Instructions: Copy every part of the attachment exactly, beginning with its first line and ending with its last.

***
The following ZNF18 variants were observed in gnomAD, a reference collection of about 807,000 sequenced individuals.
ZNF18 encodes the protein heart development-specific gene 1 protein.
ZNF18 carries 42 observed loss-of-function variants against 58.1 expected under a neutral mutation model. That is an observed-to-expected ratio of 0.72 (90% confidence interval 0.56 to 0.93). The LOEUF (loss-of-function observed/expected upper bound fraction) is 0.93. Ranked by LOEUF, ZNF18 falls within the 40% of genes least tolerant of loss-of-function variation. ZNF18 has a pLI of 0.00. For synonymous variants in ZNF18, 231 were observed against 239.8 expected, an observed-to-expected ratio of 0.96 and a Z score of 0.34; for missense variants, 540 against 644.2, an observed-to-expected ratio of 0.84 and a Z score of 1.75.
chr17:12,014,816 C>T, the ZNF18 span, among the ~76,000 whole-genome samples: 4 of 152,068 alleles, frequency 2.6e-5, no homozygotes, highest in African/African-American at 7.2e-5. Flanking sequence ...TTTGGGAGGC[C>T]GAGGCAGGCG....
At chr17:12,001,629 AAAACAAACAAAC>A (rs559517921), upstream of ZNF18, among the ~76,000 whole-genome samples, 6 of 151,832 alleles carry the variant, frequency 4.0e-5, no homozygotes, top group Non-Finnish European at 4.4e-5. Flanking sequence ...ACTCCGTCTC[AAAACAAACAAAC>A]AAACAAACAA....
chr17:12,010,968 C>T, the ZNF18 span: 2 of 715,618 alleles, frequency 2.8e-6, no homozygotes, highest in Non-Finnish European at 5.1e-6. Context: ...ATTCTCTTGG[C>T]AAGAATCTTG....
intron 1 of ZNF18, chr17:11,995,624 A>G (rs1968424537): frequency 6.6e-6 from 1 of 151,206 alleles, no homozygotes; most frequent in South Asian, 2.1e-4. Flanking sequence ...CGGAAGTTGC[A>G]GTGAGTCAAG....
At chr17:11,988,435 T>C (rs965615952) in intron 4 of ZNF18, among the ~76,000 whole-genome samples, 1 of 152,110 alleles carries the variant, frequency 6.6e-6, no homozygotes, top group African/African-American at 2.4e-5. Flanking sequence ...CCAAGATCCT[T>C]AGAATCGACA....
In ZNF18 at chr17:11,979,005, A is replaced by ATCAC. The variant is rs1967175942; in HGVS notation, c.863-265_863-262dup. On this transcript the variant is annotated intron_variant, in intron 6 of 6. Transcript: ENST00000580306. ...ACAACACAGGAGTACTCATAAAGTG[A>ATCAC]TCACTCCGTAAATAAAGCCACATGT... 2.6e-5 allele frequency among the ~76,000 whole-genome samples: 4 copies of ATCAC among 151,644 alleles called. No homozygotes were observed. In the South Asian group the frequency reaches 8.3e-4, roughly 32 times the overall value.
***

The following ZNF18 variants were observed in gnomAD, a reference collection of about 807,000 sequenced individuals.
ZNF18 encodes the protein heart development-specific gene 1 protein.
ZNF18 carries 42 observed loss-of-function variants against 58.1 expected under a neutral mutation model. That is an observed-to-expected ratio of 0.72 (90% confidence interval 0.56 to 0.93). The LOEUF (loss-of-function observed/expected upper bound fraction) is 0.93. Ranked by LOEUF, ZNF18 falls within the 40% of genes least tolerant of loss-of-function variation. ZNF18 has a pLI of 0.00. For synonymous variants in ZNF18, 231 were observed against 239.8 expected, an observed-to-expected ratio of 0.96 and a Z score of 0.34; for missense variants, 540 against 644.2, an observed-to-expected ratio of 0.84 and a Z score of 1.75.
chr17:12,014,816 C>T, the ZNF18 span, among the ~76,000 whole-genome samples: 4 of 152,068 alleles, frequency 2.6e-5, no homozygotes, highest in African/African-American at 7.2e-5. Flanking sequence ...TTTGGGAGGC[C>T]GAGGCAGGCG....
At chr17:12,001,629 AAAACAAACAAAC>A (rs559517921), upstream of ZNF18, among the ~76,000 whole-genome samples, 6 of 151,832 alleles carry the variant, frequency 4.0e-5, no homozygotes, top group Non-Finnish European at 4.4e-5. Flanking sequence ...ACTCCGTCTC[AAAACAAACAAAC>A]AAACAAACAA....
chr17:12,010,968 C>T, the ZNF18 span: 2 of 715,618 alleles, frequency 2.8e-6, no homozygotes, highest in Non-Finnish European at 5.1e-6. Context: ...ATTCTCTTGG[C>T]AAGAATCTTG....
intron 1 of ZNF18, chr17:11,995,624 A>G (rs1968424537): frequency 6.6e-6 from 1 of 151,206 alleles, no homozygotes; most frequent in South Asian, 2.1e-4. Flanking sequence ...CGGAAGTTGC[A>G]GTGAGTCAAG....
At chr17:11,988,435 T>C (rs965615952) in intron 4 of ZNF18, among the ~76,000 whole-genome samples, 1 of 152,110 alleles carries the variant, frequency 6.6e-6, no homozygotes, top group African/African-American at 2.4e-5. Flanking sequence ...CCAAGATCCT[T>C]AGAATCGACA....
In ZNF18 at chr17:11,979,005, A is replaced by ATCAC. The variant is rs1967175942; in HGVS notation, c.863-265_863-262dup. On this transcript the variant is annotated intron_variant, in intron 6 of 6. Transcript: ENST00000580306. ...ACAACACAGGAGTACTCATAAAGTG[A>ATCAC]TCACTCCGTAAATAAAGCCACATGT... 2.6e-5 allele frequency among the ~76,000 whole-genome samples: 4 copies of ATCAC among 151,644 alleles called. No homozygotes were observed. In the South Asian group the frequency reaches 8.3e-4, roughly 32 times the overall value.